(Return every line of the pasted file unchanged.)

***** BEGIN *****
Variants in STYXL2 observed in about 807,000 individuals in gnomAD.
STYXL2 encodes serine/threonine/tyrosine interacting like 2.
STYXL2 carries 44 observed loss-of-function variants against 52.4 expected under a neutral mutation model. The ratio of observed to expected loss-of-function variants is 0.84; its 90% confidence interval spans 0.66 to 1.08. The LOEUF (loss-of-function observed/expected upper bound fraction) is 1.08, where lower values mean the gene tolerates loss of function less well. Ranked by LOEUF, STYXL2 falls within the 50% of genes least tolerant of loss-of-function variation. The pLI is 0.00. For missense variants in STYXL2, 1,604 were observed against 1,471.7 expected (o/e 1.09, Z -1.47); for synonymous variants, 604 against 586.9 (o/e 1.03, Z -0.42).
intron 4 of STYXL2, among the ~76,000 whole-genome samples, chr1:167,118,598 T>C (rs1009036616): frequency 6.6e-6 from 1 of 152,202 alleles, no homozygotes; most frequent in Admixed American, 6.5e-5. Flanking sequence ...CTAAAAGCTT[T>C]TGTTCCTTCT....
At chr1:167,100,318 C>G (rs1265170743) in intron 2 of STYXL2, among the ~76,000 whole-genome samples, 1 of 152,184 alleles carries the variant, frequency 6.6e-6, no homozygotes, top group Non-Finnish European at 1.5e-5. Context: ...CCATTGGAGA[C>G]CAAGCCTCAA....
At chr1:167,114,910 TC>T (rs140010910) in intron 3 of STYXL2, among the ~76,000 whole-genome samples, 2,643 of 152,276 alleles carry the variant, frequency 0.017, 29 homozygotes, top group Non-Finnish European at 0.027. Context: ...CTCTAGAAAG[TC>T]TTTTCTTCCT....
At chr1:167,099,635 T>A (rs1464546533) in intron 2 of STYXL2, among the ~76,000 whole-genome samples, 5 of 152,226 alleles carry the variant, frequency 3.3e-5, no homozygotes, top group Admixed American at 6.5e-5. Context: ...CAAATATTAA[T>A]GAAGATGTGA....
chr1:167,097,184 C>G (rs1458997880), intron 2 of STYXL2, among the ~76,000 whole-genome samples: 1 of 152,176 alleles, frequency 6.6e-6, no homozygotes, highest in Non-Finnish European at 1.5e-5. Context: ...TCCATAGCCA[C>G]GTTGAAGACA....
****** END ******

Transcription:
Variants in STYXL2 observed in about 807,000 individuals in gnomAD.
STYXL2 encodes serine/threonine/tyrosine interacting like 2.
STYXL2 carries 44 observed loss-of-function variants against 52.4 expected under a neutral mutation model. The ratio of observed to expected loss-of-function variants is 0.84; its 90% confidence interval spans 0.66 to 1.08. The LOEUF (loss-of-function observed/expected upper bound fraction) is 1.08, where lower values mean the gene tolerates loss of function less well. Ranked by LOEUF, STYXL2 falls within the 50% of genes least tolerant of loss-of-function variation. The pLI is 0.00. For missense variants in STYXL2, 1,604 were observed against 1,471.7 expected (o/e 1.09, Z -1.47); for synonymous variants, 604 against 586.9 (o/e 1.03, Z -0.42).
intron 4 of STYXL2, among the ~76,000 whole-genome samples, chr1:167,118,598 T>C (rs1009036616): frequency 6.6e-6 from 1 of 152,202 alleles, no homozygotes; most frequent in Admixed American, 6.5e-5. Flanking sequence ...CTAAAAGCTT[T>C]TGTTCCTTCT....
At chr1:167,100,318 C>G (rs1265170743) in intron 2 of STYXL2, among the ~76,000 whole-genome samples, 1 of 152,184 alleles carries the variant, frequency 6.6e-6, no homozygotes, top group Non-Finnish European at 1.5e-5. Context: ...CCATTGGAGA[C>G]CAAGCCTCAA....
At chr1:167,114,910 TC>T (rs140010910) in intron 3 of STYXL2, among the ~76,000 whole-genome samples, 2,643 of 152,276 alleles carry the variant, frequency 0.017, 29 homozygotes, top group Non-Finnish European at 0.027. Context: ...CTCTAGAAAG[TC>T]TTTTCTTCCT....
At chr1:167,099,635 T>A (rs1464546533) in intron 2 of STYXL2, among the ~76,000 whole-genome samples, 5 of 152,226 alleles carry the variant, frequency 3.3e-5, no homozygotes, top group Admixed American at 6.5e-5. Context: ...CAAATATTAA[T>A]GAAGATGTGA....
chr1:167,097,184 C>G (rs1458997880), intron 2 of STYXL2, among the ~76,000 whole-genome samples: 1 of 152,176 alleles, frequency 6.6e-6, no homozygotes, highest in Non-Finnish European at 1.5e-5. Context: ...TCCATAGCCA[C>G]GTTGAAGACA....